Duran is a speedster with good bat-to-ball skills who underwent a swing change that began to unlock some power—the ultimate recipe for prospect lovers to start sweating over. He’s reportedly hit five home runs in intrasquad scrimmages this season, and after slashing .303/.367/.408 with 46 steals across two minor league levels last year, with just five total dingers, it’s not hard to see why the added power would make him pretty appealing.

He’s still pretty raw, and I have concerns that plate discipline might be an issue, but if Duran does get the call he’ll be an interesting deep league sleeper—and one that I wouldn’t mind stashing in very deep formats to take a gamble on.

 

9. Drew Waters, OF, ATL — ETA September

 

Now that Cristian Pache is back at Atlanta’s alternate site, I am far less confident that we will see much, if any, of Drew Waters in an Atlanta uniform in 2020.

Waters may be a consensus top 50 prospect as a tooled-up 21-year-old outfielder, who has the potential to be an easy 20-20 guy at the next level, but with a stacked outfield in Atlanta, and with Pache almost certainly the next guy up, Waters may have to settle for a 2021 promotion instead.

He could probably use more fine-tuning in the minors anyway, thanks to an overly aggressive approach that leads to big strikeout issues. These issues were exceptionally prevalent in AAA in 2019, when he fanned a whopping 36% of the time in 26 games.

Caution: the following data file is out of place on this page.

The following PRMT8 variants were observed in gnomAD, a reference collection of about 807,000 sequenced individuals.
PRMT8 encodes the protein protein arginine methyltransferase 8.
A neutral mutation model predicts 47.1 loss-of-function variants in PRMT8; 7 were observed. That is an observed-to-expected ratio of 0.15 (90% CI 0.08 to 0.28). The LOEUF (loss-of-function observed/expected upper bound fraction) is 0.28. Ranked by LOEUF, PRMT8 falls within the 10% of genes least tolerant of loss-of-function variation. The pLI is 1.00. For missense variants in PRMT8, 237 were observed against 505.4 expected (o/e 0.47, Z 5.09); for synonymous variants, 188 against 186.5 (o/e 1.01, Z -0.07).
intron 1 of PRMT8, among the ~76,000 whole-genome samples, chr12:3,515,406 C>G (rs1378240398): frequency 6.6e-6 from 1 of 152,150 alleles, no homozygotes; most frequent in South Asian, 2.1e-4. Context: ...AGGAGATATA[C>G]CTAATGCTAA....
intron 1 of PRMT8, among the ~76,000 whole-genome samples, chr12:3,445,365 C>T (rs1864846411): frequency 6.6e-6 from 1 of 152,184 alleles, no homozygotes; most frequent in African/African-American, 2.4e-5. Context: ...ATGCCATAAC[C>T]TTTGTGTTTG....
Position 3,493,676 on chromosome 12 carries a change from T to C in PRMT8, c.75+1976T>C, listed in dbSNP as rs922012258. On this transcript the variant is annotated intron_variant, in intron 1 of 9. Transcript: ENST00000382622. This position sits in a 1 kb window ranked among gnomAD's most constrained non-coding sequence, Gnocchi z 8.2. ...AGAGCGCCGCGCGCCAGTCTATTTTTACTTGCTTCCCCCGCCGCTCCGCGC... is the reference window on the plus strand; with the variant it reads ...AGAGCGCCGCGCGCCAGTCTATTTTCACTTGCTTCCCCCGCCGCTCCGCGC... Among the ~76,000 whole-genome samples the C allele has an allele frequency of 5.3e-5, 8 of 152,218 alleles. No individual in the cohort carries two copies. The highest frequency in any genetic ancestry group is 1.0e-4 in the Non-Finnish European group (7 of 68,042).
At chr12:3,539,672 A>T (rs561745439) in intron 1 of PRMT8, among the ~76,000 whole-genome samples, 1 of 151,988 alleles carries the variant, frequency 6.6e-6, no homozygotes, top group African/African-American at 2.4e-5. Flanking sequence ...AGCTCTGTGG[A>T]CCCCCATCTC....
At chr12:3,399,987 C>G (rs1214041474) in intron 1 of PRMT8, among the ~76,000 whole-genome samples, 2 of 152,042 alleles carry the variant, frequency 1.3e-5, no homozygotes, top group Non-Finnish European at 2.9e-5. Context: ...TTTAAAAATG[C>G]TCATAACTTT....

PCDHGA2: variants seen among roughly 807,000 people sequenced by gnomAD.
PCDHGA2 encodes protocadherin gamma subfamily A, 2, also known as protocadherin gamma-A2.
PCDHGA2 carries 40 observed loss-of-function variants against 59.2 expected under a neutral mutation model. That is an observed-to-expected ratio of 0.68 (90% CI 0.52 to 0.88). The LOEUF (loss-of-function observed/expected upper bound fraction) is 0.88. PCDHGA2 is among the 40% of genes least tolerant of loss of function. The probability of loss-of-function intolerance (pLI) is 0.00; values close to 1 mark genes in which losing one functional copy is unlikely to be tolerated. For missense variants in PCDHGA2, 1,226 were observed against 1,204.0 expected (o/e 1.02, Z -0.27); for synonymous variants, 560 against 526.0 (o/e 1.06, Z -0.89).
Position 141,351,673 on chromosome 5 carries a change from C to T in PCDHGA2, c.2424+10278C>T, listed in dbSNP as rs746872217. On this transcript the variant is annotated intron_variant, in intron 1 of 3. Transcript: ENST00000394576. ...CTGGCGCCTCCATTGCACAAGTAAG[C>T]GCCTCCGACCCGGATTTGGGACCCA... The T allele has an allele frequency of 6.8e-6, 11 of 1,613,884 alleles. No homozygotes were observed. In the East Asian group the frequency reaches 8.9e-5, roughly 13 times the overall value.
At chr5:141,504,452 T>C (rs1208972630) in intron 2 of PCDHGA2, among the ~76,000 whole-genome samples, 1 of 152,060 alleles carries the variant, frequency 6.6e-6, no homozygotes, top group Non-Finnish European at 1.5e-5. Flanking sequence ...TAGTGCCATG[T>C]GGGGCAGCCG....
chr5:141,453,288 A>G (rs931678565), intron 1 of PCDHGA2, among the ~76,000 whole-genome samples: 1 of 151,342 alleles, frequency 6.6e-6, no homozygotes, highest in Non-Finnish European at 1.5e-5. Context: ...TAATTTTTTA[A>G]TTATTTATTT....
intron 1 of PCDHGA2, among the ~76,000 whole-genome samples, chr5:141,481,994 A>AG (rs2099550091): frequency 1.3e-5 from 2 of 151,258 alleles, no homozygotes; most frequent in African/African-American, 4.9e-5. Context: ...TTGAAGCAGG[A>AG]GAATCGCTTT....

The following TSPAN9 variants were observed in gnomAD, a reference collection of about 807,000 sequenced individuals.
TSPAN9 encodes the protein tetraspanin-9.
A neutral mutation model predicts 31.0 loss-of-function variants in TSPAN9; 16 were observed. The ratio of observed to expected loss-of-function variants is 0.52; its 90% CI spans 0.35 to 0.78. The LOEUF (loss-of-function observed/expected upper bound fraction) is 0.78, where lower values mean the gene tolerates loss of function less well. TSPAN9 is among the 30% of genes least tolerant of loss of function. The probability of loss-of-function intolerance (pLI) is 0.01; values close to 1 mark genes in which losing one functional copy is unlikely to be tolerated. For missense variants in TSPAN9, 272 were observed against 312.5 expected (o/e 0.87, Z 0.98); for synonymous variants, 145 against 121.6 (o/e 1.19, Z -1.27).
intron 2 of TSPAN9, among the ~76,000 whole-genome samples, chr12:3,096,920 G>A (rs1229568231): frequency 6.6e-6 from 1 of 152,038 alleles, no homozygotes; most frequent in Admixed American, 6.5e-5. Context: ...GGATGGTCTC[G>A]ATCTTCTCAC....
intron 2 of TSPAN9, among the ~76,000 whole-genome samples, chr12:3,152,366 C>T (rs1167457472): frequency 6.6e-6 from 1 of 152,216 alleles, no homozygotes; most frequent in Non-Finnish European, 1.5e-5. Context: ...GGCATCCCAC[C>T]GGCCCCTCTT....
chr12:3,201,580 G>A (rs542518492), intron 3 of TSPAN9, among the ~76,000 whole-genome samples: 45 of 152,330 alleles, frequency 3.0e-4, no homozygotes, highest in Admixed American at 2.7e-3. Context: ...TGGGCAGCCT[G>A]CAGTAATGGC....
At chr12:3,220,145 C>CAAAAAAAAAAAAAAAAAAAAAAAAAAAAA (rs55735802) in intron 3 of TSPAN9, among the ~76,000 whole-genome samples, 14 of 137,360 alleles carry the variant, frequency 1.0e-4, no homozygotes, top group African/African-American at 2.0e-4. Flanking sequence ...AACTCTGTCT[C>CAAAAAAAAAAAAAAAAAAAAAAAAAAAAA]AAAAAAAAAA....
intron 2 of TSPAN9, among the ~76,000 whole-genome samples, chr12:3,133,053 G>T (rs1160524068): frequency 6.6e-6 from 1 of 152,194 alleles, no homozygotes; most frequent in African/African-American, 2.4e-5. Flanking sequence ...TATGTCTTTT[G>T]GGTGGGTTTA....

Despite those concerns, there is enough tantalizing talent here that I could see stashing him in deeper leagues, hoping to catch some lightning in a bottle down the stretch—if Atlanta has a need and gives him a call.

 

10. Jonathan India, 2B/3B, CIN — ETA September

 

The Reds made a somewhat surprising move in August, recalling young infield prospect Jose Garcia and installing him into their lineup virtually right away. Garcia has taken over as the team’s everyday shortstop, pushing Freddy Galvis into a utility infielder role.

The team could opt to bring up a new double-play partner for Garcia as well in highly-regarded infield prospect Jonathan India, a third baseman by trade who is earning great marks for his defense at the keystone.

The Reds sent an indication they are hoping to compete this year after they moved to acquire Brian Goodwin at the trade deadline, and India’s bat and defensive versatility could make him an upgrade coming off the bench in a semi-regular role down the stretch.

India, 23, hit 11 home runs and swiped 11 bases in 2019 between High-A and Double-A, along with a .767 OPS and a 132 wRC+.

While I don’t think he’ll ever light the world on fire as a fantasy asset, his positional flexibility makes him more appealing as both a corner and middle infield eligible player, and he has enough power and speed to be worthwhile in most fantasy formats, at least as a bench bat.

For 2020, I think he’s worth keeping an eye on in deeper redraft leagues, especially now that Cincy has turned to Garcia.

I wouldn’t be surprised if India is next, and if he does some good things over the next few weeks.

 

Added: Carter Kieboom, Seth Beer, Jarren Duran

Removed:

Graduated: Gavin Lux, Jazz Chisholm, Bobby Dalbec